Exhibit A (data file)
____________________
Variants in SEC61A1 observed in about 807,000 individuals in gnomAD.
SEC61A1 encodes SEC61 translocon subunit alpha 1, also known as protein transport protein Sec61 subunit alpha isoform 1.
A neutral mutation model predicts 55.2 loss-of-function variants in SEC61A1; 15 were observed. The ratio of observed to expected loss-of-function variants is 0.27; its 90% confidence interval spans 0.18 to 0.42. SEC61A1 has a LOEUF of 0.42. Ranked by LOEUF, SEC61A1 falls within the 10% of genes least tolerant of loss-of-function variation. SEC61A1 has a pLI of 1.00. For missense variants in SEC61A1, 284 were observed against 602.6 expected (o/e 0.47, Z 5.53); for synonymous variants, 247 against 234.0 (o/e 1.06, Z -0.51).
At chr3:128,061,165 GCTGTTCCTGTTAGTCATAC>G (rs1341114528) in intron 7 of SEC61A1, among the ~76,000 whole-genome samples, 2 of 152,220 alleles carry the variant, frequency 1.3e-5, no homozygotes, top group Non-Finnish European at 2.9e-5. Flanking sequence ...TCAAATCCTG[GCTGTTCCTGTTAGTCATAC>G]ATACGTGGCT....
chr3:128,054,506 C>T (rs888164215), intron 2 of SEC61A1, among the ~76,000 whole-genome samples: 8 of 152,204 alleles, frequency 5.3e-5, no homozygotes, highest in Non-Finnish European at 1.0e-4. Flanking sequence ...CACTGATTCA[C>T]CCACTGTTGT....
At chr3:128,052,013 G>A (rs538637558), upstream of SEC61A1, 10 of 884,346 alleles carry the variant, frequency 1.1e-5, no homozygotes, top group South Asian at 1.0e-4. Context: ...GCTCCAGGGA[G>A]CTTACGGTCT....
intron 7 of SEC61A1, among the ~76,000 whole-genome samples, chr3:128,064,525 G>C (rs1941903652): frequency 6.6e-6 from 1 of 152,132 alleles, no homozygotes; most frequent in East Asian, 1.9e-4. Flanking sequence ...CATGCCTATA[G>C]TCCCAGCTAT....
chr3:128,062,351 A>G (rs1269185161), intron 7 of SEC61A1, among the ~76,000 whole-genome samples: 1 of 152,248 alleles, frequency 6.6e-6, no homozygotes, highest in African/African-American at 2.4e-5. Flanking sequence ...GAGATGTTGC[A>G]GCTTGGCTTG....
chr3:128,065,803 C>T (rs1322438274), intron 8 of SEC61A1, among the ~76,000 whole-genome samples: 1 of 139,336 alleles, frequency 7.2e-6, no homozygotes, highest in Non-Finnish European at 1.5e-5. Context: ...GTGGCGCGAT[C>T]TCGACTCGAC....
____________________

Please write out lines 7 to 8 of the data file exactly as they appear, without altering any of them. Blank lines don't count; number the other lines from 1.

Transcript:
intron 7 of SEC61A1, among the ~76,000 whole-genome samples, chr3:128,064,525 G>C (rs1941903652): frequency 6.6e-6 from 1 of 152,132 alleles, no homozygotes; most frequent in East Asian, 1.9e-4. Flanking sequence ...CATGCCTATA[G>C]TCCCAGCTAT....
chr3:128,062,351 A>G (rs1269185161), intron 7 of SEC61A1, among the ~76,000 whole-genome samples: 1 of 152,248 alleles, frequency 6.6e-6, no homozygotes, highest in African/African-American at 2.4e-5. Flanking sequence ...GAGATGTTGC[A>G]GCTTGGCTTG....